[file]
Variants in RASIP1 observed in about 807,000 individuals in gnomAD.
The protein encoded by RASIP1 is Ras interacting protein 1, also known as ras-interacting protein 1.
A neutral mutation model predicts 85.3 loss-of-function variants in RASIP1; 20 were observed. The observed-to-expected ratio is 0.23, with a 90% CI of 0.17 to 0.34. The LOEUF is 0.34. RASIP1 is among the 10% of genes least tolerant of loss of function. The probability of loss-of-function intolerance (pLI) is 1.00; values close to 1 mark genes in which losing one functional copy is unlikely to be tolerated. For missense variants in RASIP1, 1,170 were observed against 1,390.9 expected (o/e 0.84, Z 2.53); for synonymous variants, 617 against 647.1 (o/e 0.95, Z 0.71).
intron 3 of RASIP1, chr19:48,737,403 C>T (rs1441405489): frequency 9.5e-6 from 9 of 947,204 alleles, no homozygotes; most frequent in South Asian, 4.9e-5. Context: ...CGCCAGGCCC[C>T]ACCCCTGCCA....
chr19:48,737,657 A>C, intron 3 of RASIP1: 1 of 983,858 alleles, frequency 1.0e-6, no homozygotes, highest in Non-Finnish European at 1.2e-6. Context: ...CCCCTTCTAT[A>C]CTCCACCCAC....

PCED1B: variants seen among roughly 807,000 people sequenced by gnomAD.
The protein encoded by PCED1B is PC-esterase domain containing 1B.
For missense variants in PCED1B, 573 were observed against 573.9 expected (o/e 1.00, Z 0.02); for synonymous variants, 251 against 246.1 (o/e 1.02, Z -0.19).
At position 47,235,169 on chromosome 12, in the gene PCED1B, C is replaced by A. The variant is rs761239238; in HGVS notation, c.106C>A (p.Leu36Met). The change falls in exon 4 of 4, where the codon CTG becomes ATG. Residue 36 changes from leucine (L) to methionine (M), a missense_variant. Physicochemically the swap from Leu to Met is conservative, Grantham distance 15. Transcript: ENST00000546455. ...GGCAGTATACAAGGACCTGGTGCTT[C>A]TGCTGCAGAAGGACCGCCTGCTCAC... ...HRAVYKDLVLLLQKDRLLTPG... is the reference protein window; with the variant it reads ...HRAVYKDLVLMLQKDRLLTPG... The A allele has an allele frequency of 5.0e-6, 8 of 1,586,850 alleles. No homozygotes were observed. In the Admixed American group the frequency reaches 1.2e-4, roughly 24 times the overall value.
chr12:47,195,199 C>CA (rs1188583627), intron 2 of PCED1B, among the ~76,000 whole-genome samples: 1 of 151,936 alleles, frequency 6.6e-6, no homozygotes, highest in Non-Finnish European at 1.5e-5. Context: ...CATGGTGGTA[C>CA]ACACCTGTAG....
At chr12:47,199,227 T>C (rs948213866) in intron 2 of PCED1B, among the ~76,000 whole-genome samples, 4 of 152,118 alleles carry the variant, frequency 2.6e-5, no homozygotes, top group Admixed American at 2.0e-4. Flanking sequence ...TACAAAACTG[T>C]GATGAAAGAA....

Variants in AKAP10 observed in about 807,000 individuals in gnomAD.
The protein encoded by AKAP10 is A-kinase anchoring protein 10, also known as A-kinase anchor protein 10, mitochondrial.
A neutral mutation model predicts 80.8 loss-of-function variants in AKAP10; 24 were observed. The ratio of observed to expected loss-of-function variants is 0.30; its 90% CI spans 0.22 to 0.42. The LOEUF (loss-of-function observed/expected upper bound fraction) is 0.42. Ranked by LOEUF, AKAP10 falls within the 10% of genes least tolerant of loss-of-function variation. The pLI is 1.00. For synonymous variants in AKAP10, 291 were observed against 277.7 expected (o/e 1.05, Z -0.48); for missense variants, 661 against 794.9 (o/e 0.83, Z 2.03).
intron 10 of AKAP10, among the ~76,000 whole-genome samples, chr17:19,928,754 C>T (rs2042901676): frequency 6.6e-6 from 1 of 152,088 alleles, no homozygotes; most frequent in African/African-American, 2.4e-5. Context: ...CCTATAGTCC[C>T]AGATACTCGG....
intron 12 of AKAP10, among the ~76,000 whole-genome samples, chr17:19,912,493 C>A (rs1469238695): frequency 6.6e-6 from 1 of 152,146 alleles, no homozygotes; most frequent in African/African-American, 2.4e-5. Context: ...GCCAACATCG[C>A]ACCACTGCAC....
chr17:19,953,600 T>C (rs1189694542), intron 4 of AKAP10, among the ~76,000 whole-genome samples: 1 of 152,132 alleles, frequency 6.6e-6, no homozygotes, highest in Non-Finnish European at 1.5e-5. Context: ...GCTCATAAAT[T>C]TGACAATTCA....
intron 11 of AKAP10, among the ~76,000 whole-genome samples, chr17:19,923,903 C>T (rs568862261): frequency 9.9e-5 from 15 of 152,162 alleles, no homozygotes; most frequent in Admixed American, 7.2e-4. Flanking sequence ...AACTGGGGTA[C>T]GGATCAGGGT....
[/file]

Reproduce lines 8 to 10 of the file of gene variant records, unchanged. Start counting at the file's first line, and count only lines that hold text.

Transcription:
For missense variants in PCED1B, 573 were observed against 573.9 expected (o/e 1.00, Z 0.02); for synonymous variants, 251 against 246.1 (o/e 1.02, Z -0.19).
At position 47,235,169 on chromosome 12, in the gene PCED1B, C is replaced by A. The variant is rs761239238; in HGVS notation, c.106C>A (p.Leu36Met). The change falls in exon 4 of 4, where the codon CTG becomes ATG. Residue 36 changes from leucine (L) to methionine (M), a missense_variant. Physicochemically the swap from Leu to Met is conservative, Grantham distance 15. Transcript: ENST00000546455. ...GGCAGTATACAAGGACCTGGTGCTT[C>A]TGCTGCAGAAGGACCGCCTGCTCAC... ...HRAVYKDLVLLLQKDRLLTPG... is the reference protein window; with the variant it reads ...HRAVYKDLVLMLQKDRLLTPG... The A allele has an allele frequency of 5.0e-6, 8 of 1,586,850 alleles. No homozygotes were observed. In the Admixed American group the frequency reaches 1.2e-4, roughly 24 times the overall value.
chr12:47,195,199 C>CA (rs1188583627), intron 2 of PCED1B, among the ~76,000 whole-genome samples: 1 of 151,936 alleles, frequency 6.6e-6, no homozygotes, highest in Non-Finnish European at 1.5e-5. Context: ...CATGGTGGTA[C>CA]ACACCTGTAG....